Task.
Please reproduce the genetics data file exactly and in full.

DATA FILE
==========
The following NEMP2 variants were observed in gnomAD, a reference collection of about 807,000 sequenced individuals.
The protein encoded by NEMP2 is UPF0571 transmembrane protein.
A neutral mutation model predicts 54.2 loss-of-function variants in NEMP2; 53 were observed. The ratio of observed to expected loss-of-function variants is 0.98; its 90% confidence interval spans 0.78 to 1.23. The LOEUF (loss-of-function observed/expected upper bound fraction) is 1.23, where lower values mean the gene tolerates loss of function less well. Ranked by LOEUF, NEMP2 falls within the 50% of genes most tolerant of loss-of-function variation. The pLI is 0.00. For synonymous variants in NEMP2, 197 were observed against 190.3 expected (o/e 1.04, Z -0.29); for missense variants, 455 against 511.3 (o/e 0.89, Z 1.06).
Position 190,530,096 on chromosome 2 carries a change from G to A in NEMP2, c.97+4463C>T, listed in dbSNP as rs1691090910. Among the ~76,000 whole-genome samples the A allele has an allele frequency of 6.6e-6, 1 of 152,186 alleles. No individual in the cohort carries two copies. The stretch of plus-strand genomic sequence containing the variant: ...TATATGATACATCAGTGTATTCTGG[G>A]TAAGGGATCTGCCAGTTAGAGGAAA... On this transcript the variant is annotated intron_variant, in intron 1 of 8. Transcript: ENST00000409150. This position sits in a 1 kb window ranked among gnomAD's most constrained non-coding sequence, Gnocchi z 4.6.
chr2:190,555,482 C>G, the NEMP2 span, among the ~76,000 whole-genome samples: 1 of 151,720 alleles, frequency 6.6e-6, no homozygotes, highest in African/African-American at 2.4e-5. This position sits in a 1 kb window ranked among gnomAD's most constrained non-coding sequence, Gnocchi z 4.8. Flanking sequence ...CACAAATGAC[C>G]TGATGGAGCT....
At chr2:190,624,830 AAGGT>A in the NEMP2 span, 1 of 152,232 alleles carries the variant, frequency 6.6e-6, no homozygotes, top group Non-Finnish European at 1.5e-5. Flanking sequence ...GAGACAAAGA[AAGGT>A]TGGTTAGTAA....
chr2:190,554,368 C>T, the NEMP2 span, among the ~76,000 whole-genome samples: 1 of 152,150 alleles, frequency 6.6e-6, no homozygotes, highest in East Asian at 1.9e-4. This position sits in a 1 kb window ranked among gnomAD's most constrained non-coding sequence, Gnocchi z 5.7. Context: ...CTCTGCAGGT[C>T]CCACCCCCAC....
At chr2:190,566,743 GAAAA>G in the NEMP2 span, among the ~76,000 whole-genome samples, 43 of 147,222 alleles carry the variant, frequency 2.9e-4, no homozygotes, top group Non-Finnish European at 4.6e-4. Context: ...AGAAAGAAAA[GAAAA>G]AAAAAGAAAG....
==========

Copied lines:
The following NEMP2 variants were observed in gnomAD, a reference collection of about 807,000 sequenced individuals.
The protein encoded by NEMP2 is UPF0571 transmembrane protein.
A neutral mutation model predicts 54.2 loss-of-function variants in NEMP2; 53 were observed. The ratio of observed to expected loss-of-function variants is 0.98; its 90% confidence interval spans 0.78 to 1.23. The LOEUF (loss-of-function observed/expected upper bound fraction) is 1.23, where lower values mean the gene tolerates loss of function less well. Ranked by LOEUF, NEMP2 falls within the 50% of genes most tolerant of loss-of-function variation. The pLI is 0.00. For synonymous variants in NEMP2, 197 were observed against 190.3 expected (o/e 1.04, Z -0.29); for missense variants, 455 against 511.3 (o/e 0.89, Z 1.06).
Position 190,530,096 on chromosome 2 carries a change from G to A in NEMP2, c.97+4463C>T, listed in dbSNP as rs1691090910. Among the ~76,000 whole-genome samples the A allele has an allele frequency of 6.6e-6, 1 of 152,186 alleles. No individual in the cohort carries two copies. The stretch of plus-strand genomic sequence containing the variant: ...TATATGATACATCAGTGTATTCTGG[G>A]TAAGGGATCTGCCAGTTAGAGGAAA... On this transcript the variant is annotated intron_variant, in intron 1 of 8. Transcript: ENST00000409150. This position sits in a 1 kb window ranked among gnomAD's most constrained non-coding sequence, Gnocchi z 4.6.
chr2:190,555,482 C>G, the NEMP2 span, among the ~76,000 whole-genome samples: 1 of 151,720 alleles, frequency 6.6e-6, no homozygotes, highest in African/African-American at 2.4e-5. This position sits in a 1 kb window ranked among gnomAD's most constrained non-coding sequence, Gnocchi z 4.8. Flanking sequence ...CACAAATGAC[C>G]TGATGGAGCT....
At chr2:190,624,830 AAGGT>A in the NEMP2 span, 1 of 152,232 alleles carries the variant, frequency 6.6e-6, no homozygotes, top group Non-Finnish European at 1.5e-5. Flanking sequence ...GAGACAAAGA[AAGGT>A]TGGTTAGTAA....
chr2:190,554,368 C>T, the NEMP2 span, among the ~76,000 whole-genome samples: 1 of 152,150 alleles, frequency 6.6e-6, no homozygotes, highest in East Asian at 1.9e-4. This position sits in a 1 kb window ranked among gnomAD's most constrained non-coding sequence, Gnocchi z 5.7. Context: ...CTCTGCAGGT[C>T]CCACCCCCAC....
At chr2:190,566,743 GAAAA>G in the NEMP2 span, among the ~76,000 whole-genome samples, 43 of 147,222 alleles carry the variant, frequency 2.9e-4, no homozygotes, top group Non-Finnish European at 4.6e-4. Context: ...AGAAAGAAAA[GAAAA>G]AAAAAGAAAG....